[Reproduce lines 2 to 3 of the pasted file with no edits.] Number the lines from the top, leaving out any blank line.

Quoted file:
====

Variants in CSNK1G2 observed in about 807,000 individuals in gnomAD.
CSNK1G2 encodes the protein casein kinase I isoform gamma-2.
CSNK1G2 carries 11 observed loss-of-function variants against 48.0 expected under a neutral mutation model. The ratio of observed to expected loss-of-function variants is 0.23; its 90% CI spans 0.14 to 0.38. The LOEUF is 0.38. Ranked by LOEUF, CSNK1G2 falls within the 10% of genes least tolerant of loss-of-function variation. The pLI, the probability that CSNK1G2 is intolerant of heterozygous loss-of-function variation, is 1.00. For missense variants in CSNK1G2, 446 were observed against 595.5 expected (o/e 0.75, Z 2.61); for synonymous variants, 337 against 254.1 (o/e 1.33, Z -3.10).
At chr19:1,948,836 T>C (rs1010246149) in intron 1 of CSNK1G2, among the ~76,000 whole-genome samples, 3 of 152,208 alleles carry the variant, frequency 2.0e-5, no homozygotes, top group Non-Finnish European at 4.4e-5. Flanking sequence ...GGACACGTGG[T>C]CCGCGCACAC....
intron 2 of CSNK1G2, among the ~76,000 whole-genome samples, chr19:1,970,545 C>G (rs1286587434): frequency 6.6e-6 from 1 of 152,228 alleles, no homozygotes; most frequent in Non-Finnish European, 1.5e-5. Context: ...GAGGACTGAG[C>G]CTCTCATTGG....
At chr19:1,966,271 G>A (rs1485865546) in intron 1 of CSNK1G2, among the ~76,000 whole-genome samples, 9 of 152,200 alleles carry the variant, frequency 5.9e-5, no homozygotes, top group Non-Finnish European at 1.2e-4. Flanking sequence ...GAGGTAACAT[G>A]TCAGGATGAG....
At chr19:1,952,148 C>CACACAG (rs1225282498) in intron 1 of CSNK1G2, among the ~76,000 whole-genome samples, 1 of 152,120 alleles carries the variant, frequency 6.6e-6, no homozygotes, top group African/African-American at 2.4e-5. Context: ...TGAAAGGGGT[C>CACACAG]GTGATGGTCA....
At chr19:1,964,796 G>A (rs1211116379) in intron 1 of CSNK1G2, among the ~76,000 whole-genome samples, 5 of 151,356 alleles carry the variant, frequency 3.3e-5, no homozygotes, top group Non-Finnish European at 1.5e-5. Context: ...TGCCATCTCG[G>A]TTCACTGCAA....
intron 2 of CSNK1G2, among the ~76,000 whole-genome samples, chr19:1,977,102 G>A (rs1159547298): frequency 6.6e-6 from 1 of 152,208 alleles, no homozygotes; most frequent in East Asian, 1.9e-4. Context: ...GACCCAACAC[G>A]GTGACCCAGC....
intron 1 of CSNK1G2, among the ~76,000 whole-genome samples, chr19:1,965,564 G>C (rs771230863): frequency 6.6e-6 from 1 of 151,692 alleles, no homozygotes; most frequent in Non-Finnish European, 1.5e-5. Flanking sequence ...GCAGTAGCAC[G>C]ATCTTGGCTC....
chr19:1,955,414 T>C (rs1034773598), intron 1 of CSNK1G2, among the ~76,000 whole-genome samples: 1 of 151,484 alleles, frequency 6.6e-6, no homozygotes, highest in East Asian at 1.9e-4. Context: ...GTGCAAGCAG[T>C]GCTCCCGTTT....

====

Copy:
CSNK1G2 encodes the protein casein kinase I isoform gamma-2.
CSNK1G2 carries 11 observed loss-of-function variants against 48.0 expected under a neutral mutation model. The ratio of observed to expected loss-of-function variants is 0.23; its 90% CI spans 0.14 to 0.38. The LOEUF is 0.38. Ranked by LOEUF, CSNK1G2 falls within the 10% of genes least tolerant of loss-of-function variation. The pLI, the probability that CSNK1G2 is intolerant of heterozygous loss-of-function variation, is 1.00. For missense variants in CSNK1G2, 446 were observed against 595.5 expected (o/e 0.75, Z 2.61); for synonymous variants, 337 against 254.1 (o/e 1.33, Z -3.10).